This article originally published at EagleConsultingPartners.com

“The trend of at least one breach per day that began in 2016 is expected to continue in 2019.”

That’s one of the conclusions from the recent Protenus 2019 Breach Barometer report, published by healthcare compliance analytics company Protenus Inc. The report, which reviews health data breaches reported during 2018, emphasizes that organizations with Protected Health Information (PHI) still suffer from the same vulnerability areas and fall victim to the same attacks. Furthermore, the number of records impacted per breach is trending significantly upward. As of this writing, 68 breaches affecting 2.6 million records have been reported to the HHS Breach Portal during 2019. That’s more than twice as many affected records as the same period last year.

In short, the trends in the Breach Barometer suggest that the baseline risk of a health data breach is increasing across the board. Organizations with PHI – large and small – need to understand the importance of assessing and managing risks to the organization’s data.

Reviewing 2018

  • The total number of breaches (503) increased slightly from 2017.
  • However, breaches in 2018 affected over 15 million patient records, nearly three times the number from 2017.
  • The number of breached patient records increased every quarter during 2018, as shown in the chart from Protenus below.
Affected patient records by quarter, 2018 health data breaches (Protenus 2019 Breach Barometer Report)

Affected patient records by quarter, 2018 health data breaches (Protenus 2019 Breach Barometer Report)

Key Challenges

Insiders

  • Insiders accounted for 28% of the reported breaches.
  • Incidents in 2018 are fewer vs. 2017, but the number of patient records affected is substantially higher.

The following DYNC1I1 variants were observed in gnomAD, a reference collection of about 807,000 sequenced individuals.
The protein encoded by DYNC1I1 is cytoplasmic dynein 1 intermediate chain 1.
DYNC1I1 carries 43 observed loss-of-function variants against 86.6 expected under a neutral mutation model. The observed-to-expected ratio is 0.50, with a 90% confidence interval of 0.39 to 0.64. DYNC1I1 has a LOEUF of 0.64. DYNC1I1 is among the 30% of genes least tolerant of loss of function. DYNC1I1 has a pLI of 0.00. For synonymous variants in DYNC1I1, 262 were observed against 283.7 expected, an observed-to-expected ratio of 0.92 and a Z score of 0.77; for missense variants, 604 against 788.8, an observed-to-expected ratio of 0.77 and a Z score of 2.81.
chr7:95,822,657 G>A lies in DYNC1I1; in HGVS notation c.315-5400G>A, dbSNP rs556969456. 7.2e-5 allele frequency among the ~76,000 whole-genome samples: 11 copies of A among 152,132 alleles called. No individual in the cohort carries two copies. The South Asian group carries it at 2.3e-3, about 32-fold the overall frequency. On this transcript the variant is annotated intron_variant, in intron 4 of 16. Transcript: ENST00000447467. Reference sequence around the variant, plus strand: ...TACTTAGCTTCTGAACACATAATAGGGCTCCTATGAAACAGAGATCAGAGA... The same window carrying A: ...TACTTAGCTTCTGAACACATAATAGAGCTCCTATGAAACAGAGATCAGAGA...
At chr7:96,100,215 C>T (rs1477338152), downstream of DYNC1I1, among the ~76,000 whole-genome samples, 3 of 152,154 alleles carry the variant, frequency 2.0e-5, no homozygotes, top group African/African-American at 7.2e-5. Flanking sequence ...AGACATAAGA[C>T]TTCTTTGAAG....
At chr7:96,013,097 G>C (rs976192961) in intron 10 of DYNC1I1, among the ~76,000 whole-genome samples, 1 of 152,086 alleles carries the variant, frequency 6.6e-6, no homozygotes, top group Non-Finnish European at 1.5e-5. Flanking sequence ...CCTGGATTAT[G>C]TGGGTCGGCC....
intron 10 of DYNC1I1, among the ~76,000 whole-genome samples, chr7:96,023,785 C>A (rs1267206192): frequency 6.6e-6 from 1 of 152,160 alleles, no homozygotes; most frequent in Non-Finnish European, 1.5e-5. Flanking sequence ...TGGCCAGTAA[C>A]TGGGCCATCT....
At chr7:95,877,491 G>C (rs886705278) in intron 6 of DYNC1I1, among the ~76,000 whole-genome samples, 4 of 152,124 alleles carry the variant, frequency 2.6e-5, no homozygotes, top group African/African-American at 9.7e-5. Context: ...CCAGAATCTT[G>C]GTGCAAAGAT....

• Insider error was a much bigger problem than insider wrongdoing, both in incident count and records affected. (See comparison below.)
  • “On average, 3.86 healthcare employees breach patient privacy per every 1,000 employees.”
Patient records breached by insiders, 2017 vs. 2018 health data breaches (Protenus 2019 Breach Barometer Report)

Patient records breached by insiders, 2017 vs. 2018 health data breaches (Protenus 2019 Breach Barometer Report)

Hacking

  • Hacking incidents accounted for 44% of the 2018 breaches.
  • Hacking exposed 11 million records in 2018. That’s a huge increase compared to the 3 million records hacked in 2017.
  • Phishing and other employee-targeted attacks continue to be a major problem.

Business Associates

  • Business Associate breaches accounted for 5.3 million records in 2018, about one-third of the year’s total.
  • This number emphasizes the importance of assessing third-party risk to an organization’s protected health information.

Paper Records

  • “89 incidents involved paper records. These incidents affected 586,728 patient records.”
  • Although many organizations are shifting to digital, these paper records remain an area for concern.

Incident Discovery

  • Organizations remain very slow to discover health data breaches, with a mean discovery time of 255 days. In other words, it took on average 5 months for organizations to discover they had suffered a data breach!
  • The worst of these included an insider incident that took 15 years for the organization to discover. Seven other breaches had taken over four years to identify.
  • On the (slightly) brighter side, the median discovery time was 28 days, so the majority of incidents were discovered in under a month.
  • Hacking incidents were generally discovered quickly, while insider incidents took organizations much longer to identify. Due to resource limitations, internal audit teams are investigating only a small fraction of potential violations. This suggests that many incidents are never identified.

Takeaways

Health data breaches are growing bigger and more common. Organizations with PHI continue to suffer the same issues and make the same mistakes, year after year.

Please do not become a headline in 2019. Assess your organization’s risks this year. Take steps to address issues.  Do it for yourself, because it’s good business, and for the good of the people you serve. Don’t become a statistic in the 2020 Breach Barometer report.

Need help with a security risk analysis for your organization? At Eagle, we pride ourselves on providing a thorough, useful, and action-oriented security risk analysis for our clients. Contact us today!